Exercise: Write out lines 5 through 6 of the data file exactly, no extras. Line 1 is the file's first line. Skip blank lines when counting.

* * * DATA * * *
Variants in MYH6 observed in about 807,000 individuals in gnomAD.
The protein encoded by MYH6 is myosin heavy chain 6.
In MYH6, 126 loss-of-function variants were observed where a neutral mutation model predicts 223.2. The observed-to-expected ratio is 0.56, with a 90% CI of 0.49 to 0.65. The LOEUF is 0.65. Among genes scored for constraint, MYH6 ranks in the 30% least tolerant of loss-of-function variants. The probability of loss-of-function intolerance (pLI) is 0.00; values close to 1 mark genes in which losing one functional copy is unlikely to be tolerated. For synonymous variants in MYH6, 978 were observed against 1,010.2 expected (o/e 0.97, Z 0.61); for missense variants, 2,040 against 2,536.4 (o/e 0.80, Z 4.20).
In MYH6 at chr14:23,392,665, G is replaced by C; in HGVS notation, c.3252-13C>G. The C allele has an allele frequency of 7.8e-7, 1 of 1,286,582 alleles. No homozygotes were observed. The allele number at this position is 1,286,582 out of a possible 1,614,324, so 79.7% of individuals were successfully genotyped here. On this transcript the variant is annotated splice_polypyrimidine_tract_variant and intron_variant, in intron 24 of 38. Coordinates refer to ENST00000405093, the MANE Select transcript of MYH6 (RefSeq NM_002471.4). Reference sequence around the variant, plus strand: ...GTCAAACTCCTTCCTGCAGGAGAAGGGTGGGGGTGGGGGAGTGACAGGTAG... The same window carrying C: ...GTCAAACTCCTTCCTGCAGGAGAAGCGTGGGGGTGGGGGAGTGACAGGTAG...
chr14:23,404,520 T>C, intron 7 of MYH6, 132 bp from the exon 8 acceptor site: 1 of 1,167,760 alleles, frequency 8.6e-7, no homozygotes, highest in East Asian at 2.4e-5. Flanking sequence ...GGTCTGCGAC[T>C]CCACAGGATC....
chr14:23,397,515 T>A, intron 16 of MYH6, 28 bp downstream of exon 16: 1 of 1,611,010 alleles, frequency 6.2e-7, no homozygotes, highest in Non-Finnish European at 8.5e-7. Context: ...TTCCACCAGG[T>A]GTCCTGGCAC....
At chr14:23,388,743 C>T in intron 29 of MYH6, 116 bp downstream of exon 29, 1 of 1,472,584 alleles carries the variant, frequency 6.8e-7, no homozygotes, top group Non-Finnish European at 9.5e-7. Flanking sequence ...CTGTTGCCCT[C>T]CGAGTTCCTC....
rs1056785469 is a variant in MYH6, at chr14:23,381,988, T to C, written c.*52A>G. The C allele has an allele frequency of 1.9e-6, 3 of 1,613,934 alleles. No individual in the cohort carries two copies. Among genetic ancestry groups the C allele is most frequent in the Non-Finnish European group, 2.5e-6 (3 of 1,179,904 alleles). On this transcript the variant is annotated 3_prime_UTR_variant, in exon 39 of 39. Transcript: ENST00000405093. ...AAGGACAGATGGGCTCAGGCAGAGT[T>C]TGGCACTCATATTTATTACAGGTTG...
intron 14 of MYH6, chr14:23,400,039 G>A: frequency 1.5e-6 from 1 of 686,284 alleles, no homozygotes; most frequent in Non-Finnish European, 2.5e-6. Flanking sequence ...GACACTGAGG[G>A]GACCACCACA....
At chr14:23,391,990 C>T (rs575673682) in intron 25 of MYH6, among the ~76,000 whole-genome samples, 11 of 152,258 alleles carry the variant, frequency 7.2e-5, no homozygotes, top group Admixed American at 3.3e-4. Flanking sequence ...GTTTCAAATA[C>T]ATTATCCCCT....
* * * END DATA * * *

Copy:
chr14:23,404,520 T>C, intron 7 of MYH6, 132 bp from the exon 8 acceptor site: 1 of 1,167,760 alleles, frequency 8.6e-7, no homozygotes, highest in East Asian at 2.4e-5. Flanking sequence ...GGTCTGCGAC[T>C]CCACAGGATC....
chr14:23,397,515 T>A, intron 16 of MYH6, 28 bp downstream of exon 16: 1 of 1,611,010 alleles, frequency 6.2e-7, no homozygotes, highest in Non-Finnish European at 8.5e-7. Context: ...TTCCACCAGG[T>A]GTCCTGGCAC....